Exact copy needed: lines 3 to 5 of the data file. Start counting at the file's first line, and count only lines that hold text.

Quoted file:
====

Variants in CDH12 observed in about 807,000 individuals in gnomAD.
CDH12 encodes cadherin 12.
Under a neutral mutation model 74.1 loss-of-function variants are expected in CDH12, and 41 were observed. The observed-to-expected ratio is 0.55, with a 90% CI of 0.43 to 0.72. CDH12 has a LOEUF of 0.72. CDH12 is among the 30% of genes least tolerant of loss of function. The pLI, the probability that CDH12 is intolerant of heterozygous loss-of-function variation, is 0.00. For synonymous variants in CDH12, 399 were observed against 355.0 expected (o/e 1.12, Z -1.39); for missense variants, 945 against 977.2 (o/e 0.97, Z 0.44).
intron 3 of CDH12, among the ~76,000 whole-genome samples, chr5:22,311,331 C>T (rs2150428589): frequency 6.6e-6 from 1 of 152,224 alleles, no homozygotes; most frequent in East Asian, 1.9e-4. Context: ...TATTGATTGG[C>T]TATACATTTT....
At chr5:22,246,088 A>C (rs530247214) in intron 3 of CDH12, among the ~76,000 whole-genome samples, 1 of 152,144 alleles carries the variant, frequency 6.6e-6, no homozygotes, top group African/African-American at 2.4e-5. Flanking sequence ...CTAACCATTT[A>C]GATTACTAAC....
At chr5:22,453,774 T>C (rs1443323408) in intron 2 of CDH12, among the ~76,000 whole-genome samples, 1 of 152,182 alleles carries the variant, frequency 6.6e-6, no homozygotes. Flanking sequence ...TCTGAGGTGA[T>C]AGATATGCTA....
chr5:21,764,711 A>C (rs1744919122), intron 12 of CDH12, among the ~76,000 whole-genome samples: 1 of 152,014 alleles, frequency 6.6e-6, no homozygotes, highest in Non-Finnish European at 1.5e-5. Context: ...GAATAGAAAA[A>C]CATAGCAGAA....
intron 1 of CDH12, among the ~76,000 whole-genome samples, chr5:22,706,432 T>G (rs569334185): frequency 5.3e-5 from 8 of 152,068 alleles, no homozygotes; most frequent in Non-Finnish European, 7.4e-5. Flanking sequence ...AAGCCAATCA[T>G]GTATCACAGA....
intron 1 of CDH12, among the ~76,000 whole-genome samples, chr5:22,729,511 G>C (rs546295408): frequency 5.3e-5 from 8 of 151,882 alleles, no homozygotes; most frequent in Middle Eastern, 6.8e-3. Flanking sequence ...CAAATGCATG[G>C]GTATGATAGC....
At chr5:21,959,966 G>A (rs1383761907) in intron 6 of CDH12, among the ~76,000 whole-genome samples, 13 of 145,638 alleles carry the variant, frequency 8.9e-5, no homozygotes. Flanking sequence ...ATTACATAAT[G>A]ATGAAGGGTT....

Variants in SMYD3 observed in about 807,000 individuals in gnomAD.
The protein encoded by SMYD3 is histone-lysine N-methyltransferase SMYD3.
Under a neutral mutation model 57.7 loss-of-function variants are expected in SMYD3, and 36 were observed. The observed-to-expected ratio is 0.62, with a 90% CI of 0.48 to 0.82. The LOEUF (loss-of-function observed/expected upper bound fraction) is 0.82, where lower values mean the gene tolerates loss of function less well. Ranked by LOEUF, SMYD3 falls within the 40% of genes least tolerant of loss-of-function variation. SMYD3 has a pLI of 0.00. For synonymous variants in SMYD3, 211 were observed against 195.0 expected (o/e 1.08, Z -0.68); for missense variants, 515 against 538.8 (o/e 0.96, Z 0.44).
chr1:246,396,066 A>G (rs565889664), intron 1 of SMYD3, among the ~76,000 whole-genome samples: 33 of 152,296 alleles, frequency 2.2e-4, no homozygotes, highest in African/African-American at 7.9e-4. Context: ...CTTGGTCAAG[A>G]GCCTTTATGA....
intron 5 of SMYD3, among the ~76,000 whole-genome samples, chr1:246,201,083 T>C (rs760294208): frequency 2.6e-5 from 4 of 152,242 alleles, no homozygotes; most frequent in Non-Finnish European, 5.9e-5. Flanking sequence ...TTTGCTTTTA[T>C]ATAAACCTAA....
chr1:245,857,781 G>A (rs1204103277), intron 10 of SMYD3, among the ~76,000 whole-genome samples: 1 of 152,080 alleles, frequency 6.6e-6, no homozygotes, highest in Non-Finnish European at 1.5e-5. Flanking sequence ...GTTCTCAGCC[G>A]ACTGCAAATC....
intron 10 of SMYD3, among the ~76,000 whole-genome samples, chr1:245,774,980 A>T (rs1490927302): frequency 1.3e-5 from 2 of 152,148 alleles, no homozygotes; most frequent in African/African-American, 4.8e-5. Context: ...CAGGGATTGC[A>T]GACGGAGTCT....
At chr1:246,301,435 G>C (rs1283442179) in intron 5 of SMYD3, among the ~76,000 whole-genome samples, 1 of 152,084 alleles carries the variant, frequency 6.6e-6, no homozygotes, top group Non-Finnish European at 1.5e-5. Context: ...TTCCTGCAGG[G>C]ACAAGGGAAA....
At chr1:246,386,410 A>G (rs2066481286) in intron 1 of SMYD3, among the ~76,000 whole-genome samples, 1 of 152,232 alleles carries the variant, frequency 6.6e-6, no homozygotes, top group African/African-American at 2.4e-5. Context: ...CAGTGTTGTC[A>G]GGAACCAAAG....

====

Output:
Under a neutral mutation model 74.1 loss-of-function variants are expected in CDH12, and 41 were observed. The observed-to-expected ratio is 0.55, with a 90% CI of 0.43 to 0.72. CDH12 has a LOEUF of 0.72. CDH12 is among the 30% of genes least tolerant of loss of function. The pLI, the probability that CDH12 is intolerant of heterozygous loss-of-function variation, is 0.00. For synonymous variants in CDH12, 399 were observed against 355.0 expected (o/e 1.12, Z -1.39); for missense variants, 945 against 977.2 (o/e 0.97, Z 0.44).
intron 3 of CDH12, among the ~76,000 whole-genome samples, chr5:22,311,331 C>T (rs2150428589): frequency 6.6e-6 from 1 of 152,224 alleles, no homozygotes; most frequent in East Asian, 1.9e-4. Context: ...TATTGATTGG[C>T]TATACATTTT....
At chr5:22,246,088 A>C (rs530247214) in intron 3 of CDH12, among the ~76,000 whole-genome samples, 1 of 152,144 alleles carries the variant, frequency 6.6e-6, no homozygotes, top group African/African-American at 2.4e-5. Flanking sequence ...CTAACCATTT[A>C]GATTACTAAC....